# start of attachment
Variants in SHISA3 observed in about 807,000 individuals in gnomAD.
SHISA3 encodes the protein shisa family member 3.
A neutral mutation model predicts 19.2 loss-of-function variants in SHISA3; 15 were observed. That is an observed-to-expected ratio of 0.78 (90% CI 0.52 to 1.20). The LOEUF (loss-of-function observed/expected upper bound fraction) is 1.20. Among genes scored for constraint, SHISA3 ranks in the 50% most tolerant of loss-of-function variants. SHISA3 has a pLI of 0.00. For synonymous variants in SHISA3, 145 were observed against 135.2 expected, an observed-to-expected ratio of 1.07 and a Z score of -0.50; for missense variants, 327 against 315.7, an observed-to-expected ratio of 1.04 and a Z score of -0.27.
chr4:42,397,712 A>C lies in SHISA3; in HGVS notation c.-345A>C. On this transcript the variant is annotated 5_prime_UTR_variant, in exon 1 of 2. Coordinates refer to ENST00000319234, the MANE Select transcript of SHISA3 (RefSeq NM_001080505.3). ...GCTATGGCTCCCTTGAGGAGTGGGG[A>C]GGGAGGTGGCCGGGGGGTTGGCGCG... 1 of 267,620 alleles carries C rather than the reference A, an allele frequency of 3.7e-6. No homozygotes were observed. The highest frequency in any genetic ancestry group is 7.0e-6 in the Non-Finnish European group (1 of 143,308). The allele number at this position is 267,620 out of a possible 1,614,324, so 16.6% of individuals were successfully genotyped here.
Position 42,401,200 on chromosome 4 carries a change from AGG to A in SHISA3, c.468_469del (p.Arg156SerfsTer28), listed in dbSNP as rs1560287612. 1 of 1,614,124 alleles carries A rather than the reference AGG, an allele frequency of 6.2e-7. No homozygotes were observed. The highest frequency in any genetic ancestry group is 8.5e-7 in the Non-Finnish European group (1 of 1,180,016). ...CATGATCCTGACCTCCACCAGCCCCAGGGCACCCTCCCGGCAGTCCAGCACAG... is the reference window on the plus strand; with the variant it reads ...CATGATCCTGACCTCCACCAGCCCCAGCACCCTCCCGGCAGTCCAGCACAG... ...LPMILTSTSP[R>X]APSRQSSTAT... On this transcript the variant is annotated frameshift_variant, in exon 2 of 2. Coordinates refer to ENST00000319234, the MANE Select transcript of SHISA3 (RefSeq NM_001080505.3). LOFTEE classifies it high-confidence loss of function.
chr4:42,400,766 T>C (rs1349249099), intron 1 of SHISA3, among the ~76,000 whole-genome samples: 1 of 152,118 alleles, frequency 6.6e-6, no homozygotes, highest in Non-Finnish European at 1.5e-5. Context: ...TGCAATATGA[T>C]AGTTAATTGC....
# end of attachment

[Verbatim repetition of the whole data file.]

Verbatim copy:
Variants in SHISA3 observed in about 807,000 individuals in gnomAD.
SHISA3 encodes the protein shisa family member 3.
A neutral mutation model predicts 19.2 loss-of-function variants in SHISA3; 15 were observed. That is an observed-to-expected ratio of 0.78 (90% CI 0.52 to 1.20). The LOEUF (loss-of-function observed/expected upper bound fraction) is 1.20. Among genes scored for constraint, SHISA3 ranks in the 50% most tolerant of loss-of-function variants. SHISA3 has a pLI of 0.00. For synonymous variants in SHISA3, 145 were observed against 135.2 expected, an observed-to-expected ratio of 1.07 and a Z score of -0.50; for missense variants, 327 against 315.7, an observed-to-expected ratio of 1.04 and a Z score of -0.27.
chr4:42,397,712 A>C lies in SHISA3; in HGVS notation c.-345A>C. On this transcript the variant is annotated 5_prime_UTR_variant, in exon 1 of 2. Coordinates refer to ENST00000319234, the MANE Select transcript of SHISA3 (RefSeq NM_001080505.3). ...GCTATGGCTCCCTTGAGGAGTGGGG[A>C]GGGAGGTGGCCGGGGGGTTGGCGCG... 1 of 267,620 alleles carries C rather than the reference A, an allele frequency of 3.7e-6. No homozygotes were observed. The highest frequency in any genetic ancestry group is 7.0e-6 in the Non-Finnish European group (1 of 143,308). The allele number at this position is 267,620 out of a possible 1,614,324, so 16.6% of individuals were successfully genotyped here.
Position 42,401,200 on chromosome 4 carries a change from AGG to A in SHISA3, c.468_469del (p.Arg156SerfsTer28), listed in dbSNP as rs1560287612. 1 of 1,614,124 alleles carries A rather than the reference AGG, an allele frequency of 6.2e-7. No homozygotes were observed. The highest frequency in any genetic ancestry group is 8.5e-7 in the Non-Finnish European group (1 of 1,180,016). ...CATGATCCTGACCTCCACCAGCCCCAGGGCACCCTCCCGGCAGTCCAGCACAG... is the reference window on the plus strand; with the variant it reads ...CATGATCCTGACCTCCACCAGCCCCAGCACCCTCCCGGCAGTCCAGCACAG... ...LPMILTSTSP[R>X]APSRQSSTAT... On this transcript the variant is annotated frameshift_variant, in exon 2 of 2. Coordinates refer to ENST00000319234, the MANE Select transcript of SHISA3 (RefSeq NM_001080505.3). LOFTEE classifies it high-confidence loss of function.
chr4:42,400,766 T>C (rs1349249099), intron 1 of SHISA3, among the ~76,000 whole-genome samples: 1 of 152,118 alleles, frequency 6.6e-6, no homozygotes, highest in Non-Finnish European at 1.5e-5. Context: ...TGCAATATGA[T>C]AGTTAATTGC....